||[Jan. 1st, 2007|10:39 pm]
I've just wrestled my first real Smalltalk program into a demo'able state! It's called PacketStudio and it's for post-processing packet traces from
tcpdump. You can download it from SqueakSource if you're an interested Squeaker.
The main feature today is to take a pair of trace files (one from either endpoint of a TCP connection) and draw a diagram showing the path of packets between sender and receiver. The left and right sides are the endpoints (hosts) and the lines are packets travelling from one host to the other. The angle of the line indicates how long the packet was in transit (each vertical pixel is two milliseconds). Orange lines are SYN packets, blue carry data (thickness is proportional to amount), and green are pure acknowledgements.
The example pictured is an SSH connection setup between one host in Sweden and one in the USA. To reproduce the graph you can download my example traces and run this:
TCPGraph trace: 'fresh-kyle.pcap' with: 'kyle-fresh.pcap'
You can run it on your own traces too but make sure they include the whole TCP header (e.g.
tcpdump -s 0). PacketStudio will automatically find the matching streams in your trace files and ask you which to display. This is not a polished program yet so do be brave! :-)
PacketStudio is a rewrite from memory of an Erlang program that me and my friend Martin Björklund (now at tail-f) wrote a few years ago while we were investigating the crappy performance of TCP over the early European GPRS networks. The great thing about this being my very own weblog is that I can digress to my heart's content about the fun way we ran that project :-)
- Take lots of client/server packet trace pairs (stationary, bus around Stockholm, train to Gothenberg, etc)
- Analyse the traces with standard and homebrew tools to see how the network behaves (variations in latency, patterns of packet loss, etc).
- Write a custom router to reproduce the network conditions in the lab. (Easy in Erlang using the Linux tap/tap driver in Jungerl.)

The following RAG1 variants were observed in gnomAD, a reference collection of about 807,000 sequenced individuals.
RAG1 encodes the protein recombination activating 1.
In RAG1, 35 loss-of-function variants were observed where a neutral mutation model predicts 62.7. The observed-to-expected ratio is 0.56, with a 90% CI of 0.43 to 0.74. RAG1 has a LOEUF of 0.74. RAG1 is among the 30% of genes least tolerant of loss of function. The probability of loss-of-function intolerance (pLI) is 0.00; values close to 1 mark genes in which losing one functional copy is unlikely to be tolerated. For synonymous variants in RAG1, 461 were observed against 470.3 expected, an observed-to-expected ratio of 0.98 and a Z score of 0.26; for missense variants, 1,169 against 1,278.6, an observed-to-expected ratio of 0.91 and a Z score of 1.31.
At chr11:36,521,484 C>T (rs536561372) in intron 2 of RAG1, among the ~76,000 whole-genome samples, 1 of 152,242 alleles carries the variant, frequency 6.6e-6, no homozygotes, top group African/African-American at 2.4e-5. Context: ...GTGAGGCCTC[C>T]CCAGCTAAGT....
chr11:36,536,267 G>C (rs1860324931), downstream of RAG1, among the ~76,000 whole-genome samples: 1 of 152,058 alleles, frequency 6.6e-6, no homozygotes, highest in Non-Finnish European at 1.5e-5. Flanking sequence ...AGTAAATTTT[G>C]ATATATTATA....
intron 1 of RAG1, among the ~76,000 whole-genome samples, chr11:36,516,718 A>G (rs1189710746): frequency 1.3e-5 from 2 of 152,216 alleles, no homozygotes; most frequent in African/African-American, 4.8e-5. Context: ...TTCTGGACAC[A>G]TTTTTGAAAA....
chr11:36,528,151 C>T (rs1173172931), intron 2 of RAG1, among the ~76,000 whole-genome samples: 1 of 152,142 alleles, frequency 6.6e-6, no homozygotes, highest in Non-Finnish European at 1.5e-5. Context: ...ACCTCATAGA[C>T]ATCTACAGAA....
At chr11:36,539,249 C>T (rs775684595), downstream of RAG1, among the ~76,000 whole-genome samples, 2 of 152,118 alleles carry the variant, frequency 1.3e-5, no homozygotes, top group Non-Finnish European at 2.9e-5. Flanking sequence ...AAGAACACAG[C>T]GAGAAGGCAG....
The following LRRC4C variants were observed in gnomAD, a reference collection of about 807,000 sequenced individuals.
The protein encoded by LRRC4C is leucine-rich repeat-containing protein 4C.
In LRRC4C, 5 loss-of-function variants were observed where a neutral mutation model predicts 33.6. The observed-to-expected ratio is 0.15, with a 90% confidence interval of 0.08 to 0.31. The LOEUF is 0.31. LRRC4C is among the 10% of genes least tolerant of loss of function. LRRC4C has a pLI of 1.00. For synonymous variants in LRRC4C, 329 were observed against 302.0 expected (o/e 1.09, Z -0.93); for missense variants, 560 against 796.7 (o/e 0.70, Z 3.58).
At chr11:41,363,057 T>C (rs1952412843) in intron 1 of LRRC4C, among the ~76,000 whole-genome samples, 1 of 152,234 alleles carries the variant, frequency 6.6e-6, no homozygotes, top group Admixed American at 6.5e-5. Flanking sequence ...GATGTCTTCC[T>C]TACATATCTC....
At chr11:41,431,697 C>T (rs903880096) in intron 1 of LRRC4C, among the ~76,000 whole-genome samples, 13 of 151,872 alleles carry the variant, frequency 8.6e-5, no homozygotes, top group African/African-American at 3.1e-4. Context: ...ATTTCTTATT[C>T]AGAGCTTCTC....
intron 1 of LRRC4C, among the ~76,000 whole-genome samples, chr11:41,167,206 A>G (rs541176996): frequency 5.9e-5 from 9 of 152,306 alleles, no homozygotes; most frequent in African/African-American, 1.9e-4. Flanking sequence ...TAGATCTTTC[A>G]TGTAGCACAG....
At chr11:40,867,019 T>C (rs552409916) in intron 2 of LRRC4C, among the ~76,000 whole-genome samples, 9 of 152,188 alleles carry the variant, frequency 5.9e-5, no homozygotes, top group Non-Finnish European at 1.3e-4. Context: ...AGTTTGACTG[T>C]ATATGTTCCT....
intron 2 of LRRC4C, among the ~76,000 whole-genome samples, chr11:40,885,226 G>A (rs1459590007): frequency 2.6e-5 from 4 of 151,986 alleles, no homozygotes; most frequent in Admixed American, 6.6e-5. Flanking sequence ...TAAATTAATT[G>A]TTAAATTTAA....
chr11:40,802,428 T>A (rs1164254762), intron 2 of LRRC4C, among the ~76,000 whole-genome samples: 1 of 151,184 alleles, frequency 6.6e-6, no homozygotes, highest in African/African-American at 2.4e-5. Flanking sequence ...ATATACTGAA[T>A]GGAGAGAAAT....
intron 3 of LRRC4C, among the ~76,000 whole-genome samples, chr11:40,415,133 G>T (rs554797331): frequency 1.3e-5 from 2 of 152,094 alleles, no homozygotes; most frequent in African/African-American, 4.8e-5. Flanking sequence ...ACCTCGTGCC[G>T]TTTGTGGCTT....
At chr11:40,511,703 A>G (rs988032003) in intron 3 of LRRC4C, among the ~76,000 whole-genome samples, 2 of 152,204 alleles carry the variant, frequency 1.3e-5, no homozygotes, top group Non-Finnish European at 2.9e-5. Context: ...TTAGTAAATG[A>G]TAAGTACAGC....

- Write benchmarking scripts to run traffic loads using various operating systems over the emulated GPRS network and measure file transfer performance. (I had coordinated these using a homebrew distributed "Tuple Space" in about 50 lines of shell and AWK but due to Cygwin hassles I ended up being boring and rewriting it in Erlang.)
- Look hard at the TCP traces to see where TCP could have done things better, i.e. has failed to "keep the pipe full".
- Dream up new TCP algorithms to avoid the mistakes, hack them into the Linux kernel, see if you improve the benchmarks.
- Install your shiny new kernel and get back on the #3 bus...
We did pretty much the whole lot in a couple of months with no previous TCP or kernel hacking experience and we made some big improvements. Truly one of the most fun things I've ever been paid to do :-). (Hi to our colleagues Pierre, Benoit, John, Jerome, Ben, and Mick if you happen to stumble on this page!)
For various reasons we didn't turn this into a real product and consequently I've had the idea itching in the back of my mind ever since. I always keep half an eye out for a new kind of practical network that TCP might suck on, especially one having significant non-congestion packet loss and high variation in latency. Now that I've hacked Squeak into a packet-processor I'm well poised to strike at network-optimization-glory should opportunity come knocking... :-)
(Would it be cruel to hope that the wireless mesh-network intended for millions of adorable children will turn out to have important TCP-related problems that need fixing? :-))